We usually see Apple boasting about its seemingly robust security and privacy measures. Nonetheless, like any other technology, Apple products are also vulnerable to security bugs. Recently, a researcher found that Apple Mail on macOS stores encrypted emails of the users in plain text. What’s even weirder with this issue is that Apple hasn’t fixed the glitch yet despite knowing about it for months.
Apple Mail Stores Encrypted Emails
According to the researcher Bob Gendler, Apple Mail stored encrypted emails of the users in unencrypted form on macOS. Sharing his findings via a Medium blog post, the researcher explained that this glitch happens even when Siri isn’t active. The researcher confirmed the program stored –
“completely, totally, fully — UNENCRYPTED — readable” emails.
As elaborated, this issue mainly affects Apple Mail on macOS, where the glitch arises in how Siri and macOS suggest contacts to the users. Gendler was investigating this feature when he noticed a folder including numerous database files.
This led me to the process called suggestd, run by the system level LaunchAgent com.apple.suggestd, and the Suggestions folder in the user-level Library folder, which contains multiple files and some potentially important database files (.db files).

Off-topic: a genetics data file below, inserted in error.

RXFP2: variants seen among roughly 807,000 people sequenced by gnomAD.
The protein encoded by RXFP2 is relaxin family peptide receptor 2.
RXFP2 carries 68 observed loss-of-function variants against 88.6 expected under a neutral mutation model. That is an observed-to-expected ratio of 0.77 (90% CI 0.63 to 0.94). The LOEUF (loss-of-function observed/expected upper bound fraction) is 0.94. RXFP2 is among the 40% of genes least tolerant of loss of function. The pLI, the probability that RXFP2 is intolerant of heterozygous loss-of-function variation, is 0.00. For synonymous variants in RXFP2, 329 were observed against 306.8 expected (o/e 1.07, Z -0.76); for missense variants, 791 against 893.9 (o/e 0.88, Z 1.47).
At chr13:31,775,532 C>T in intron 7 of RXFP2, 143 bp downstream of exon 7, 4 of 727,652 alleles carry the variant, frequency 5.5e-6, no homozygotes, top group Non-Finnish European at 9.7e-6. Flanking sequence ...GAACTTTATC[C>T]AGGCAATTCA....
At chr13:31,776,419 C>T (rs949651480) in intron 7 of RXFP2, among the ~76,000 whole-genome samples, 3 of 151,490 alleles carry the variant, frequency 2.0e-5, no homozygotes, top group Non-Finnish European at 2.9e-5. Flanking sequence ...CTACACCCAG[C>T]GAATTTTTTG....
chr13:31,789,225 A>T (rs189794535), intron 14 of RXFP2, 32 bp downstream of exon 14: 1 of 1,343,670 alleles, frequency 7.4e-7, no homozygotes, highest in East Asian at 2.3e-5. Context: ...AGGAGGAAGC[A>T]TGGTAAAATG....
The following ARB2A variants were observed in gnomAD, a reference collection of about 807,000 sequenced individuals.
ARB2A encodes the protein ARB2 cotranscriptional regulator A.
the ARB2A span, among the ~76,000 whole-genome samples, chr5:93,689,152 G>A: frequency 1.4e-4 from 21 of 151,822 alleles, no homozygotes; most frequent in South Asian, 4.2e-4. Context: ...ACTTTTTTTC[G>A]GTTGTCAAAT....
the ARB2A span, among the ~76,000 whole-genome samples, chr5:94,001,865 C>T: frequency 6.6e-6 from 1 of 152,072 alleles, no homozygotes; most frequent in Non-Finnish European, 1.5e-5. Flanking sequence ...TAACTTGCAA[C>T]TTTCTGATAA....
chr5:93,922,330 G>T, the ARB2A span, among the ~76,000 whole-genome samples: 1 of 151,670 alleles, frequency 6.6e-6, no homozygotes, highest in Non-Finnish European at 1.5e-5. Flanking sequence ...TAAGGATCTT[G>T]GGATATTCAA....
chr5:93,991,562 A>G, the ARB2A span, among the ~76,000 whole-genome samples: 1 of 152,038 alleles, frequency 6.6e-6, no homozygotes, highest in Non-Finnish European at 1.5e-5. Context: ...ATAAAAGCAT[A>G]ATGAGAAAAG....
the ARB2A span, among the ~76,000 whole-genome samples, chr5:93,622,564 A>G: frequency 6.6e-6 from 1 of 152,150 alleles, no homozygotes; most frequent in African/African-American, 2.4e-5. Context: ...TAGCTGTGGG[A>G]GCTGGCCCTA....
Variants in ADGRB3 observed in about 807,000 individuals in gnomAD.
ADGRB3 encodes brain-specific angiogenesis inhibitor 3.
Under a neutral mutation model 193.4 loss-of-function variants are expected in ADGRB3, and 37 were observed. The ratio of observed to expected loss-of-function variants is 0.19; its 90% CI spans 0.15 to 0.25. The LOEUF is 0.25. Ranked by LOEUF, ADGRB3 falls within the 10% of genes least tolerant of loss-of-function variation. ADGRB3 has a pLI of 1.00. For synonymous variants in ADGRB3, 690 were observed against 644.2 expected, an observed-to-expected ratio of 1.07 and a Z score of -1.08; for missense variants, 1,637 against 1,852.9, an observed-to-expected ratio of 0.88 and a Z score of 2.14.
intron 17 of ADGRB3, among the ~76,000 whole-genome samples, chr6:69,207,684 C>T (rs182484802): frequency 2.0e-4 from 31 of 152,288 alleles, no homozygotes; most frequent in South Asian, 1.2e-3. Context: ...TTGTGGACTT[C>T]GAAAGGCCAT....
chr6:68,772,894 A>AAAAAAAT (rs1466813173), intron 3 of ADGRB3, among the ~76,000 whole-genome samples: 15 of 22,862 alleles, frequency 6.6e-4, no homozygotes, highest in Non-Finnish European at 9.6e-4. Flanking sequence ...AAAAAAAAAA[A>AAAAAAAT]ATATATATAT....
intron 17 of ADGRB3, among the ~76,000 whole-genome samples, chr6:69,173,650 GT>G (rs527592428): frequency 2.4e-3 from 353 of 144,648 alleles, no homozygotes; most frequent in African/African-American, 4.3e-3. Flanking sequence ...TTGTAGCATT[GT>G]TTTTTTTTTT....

These databases primarily contribute to suggesting contacts as they store information from Apple Mail and other apps.
Eventually, the researcher noticed that one such database file snippets.db stored encrypted emails in an entirely unencrypted form. This activity continued even with disabled Siri.
It means that anyone could view those messages, that should supposedly have been encrypted, without the need for any private key. Hence, the entire effort of sending encrypted emails goes in vain.
Consequently, the researcher considered this activity as an incident of information exposure. Also, he busted the myth that a disabled Siri stops data collection on macOS.
Likewise, he also found another database file, entities.db, storing other records, such as users’ names, contact numbers, and emails. It also stores phone numbers extracted from email messages and signatures, even when a user does not have stored the number on his device.
This issue specifically affects all recent macOS versions, Mojave, Catalina, Sierra, and High Sierra.
Strangely, Apple already knows the issue for several months since Gendler reported it to Apple in July 2019. However as it currently stands, over 100 days from the report and back to back security updates to the affected devices, Apple still hasn’t patched the bug yet.
Though, according to The Verge, Apple has promised to fix the bug in a future software update.
Fortunately, the researcher has shared some ways through which the users can mitigate the bug.
- Adjust device settings this way: System Preferences → Siri →Siri Suggestions & Privacy. Then uncheck the Apple Mail option.
- Disable Siri from learning by running this command in Terminal: defaults write com.apple.suggestions SiriCanLearnFromAppBlacklist -array com.apple.mail
- Deploy a System-level configuration profile for all users to manage Siri. The researcher recommends this option as the only viable option to disable Siri on macOS.
Moreover, users trying any of these options should also delete the snippets.db file to delete the stored emails.
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